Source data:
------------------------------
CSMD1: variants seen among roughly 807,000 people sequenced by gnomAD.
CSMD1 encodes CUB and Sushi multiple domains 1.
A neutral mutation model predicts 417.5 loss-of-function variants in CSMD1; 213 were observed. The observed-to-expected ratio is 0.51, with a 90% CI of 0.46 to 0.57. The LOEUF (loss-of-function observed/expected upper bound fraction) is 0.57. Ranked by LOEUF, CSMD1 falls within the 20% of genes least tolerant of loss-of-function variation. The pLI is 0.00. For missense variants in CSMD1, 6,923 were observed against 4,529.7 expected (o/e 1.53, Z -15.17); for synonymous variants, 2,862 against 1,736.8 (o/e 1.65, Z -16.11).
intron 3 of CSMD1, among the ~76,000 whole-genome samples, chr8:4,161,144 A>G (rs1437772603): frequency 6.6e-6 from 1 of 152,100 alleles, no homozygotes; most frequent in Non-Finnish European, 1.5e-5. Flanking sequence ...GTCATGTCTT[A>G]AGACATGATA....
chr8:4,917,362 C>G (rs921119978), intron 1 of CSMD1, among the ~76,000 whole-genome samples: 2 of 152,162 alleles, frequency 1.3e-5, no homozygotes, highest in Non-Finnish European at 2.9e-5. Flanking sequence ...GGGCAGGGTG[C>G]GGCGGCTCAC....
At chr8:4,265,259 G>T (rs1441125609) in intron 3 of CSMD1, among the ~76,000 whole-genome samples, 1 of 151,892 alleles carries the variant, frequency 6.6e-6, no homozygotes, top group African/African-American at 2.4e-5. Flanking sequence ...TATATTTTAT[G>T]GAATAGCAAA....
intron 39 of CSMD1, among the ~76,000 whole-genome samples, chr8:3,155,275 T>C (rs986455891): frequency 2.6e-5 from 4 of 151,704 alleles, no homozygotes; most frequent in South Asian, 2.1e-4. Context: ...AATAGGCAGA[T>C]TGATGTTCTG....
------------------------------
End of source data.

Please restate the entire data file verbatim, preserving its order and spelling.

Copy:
CSMD1: variants seen among roughly 807,000 people sequenced by gnomAD.
CSMD1 encodes CUB and Sushi multiple domains 1.
A neutral mutation model predicts 417.5 loss-of-function variants in CSMD1; 213 were observed. The observed-to-expected ratio is 0.51, with a 90% CI of 0.46 to 0.57. The LOEUF (loss-of-function observed/expected upper bound fraction) is 0.57. Ranked by LOEUF, CSMD1 falls within the 20% of genes least tolerant of loss-of-function variation. The pLI is 0.00. For missense variants in CSMD1, 6,923 were observed against 4,529.7 expected (o/e 1.53, Z -15.17); for synonymous variants, 2,862 against 1,736.8 (o/e 1.65, Z -16.11).
intron 3 of CSMD1, among the ~76,000 whole-genome samples, chr8:4,161,144 A>G (rs1437772603): frequency 6.6e-6 from 1 of 152,100 alleles, no homozygotes; most frequent in Non-Finnish European, 1.5e-5. Flanking sequence ...GTCATGTCTT[A>G]AGACATGATA....
chr8:4,917,362 C>G (rs921119978), intron 1 of CSMD1, among the ~76,000 whole-genome samples: 2 of 152,162 alleles, frequency 1.3e-5, no homozygotes, highest in Non-Finnish European at 2.9e-5. Flanking sequence ...GGGCAGGGTG[C>G]GGCGGCTCAC....
At chr8:4,265,259 G>T (rs1441125609) in intron 3 of CSMD1, among the ~76,000 whole-genome samples, 1 of 151,892 alleles carries the variant, frequency 6.6e-6, no homozygotes, top group African/African-American at 2.4e-5. Flanking sequence ...TATATTTTAT[G>T]GAATAGCAAA....
intron 39 of CSMD1, among the ~76,000 whole-genome samples, chr8:3,155,275 T>C (rs986455891): frequency 2.6e-5 from 4 of 151,704 alleles, no homozygotes; most frequent in South Asian, 2.1e-4. Context: ...AATAGGCAGA[T>C]TGATGTTCTG....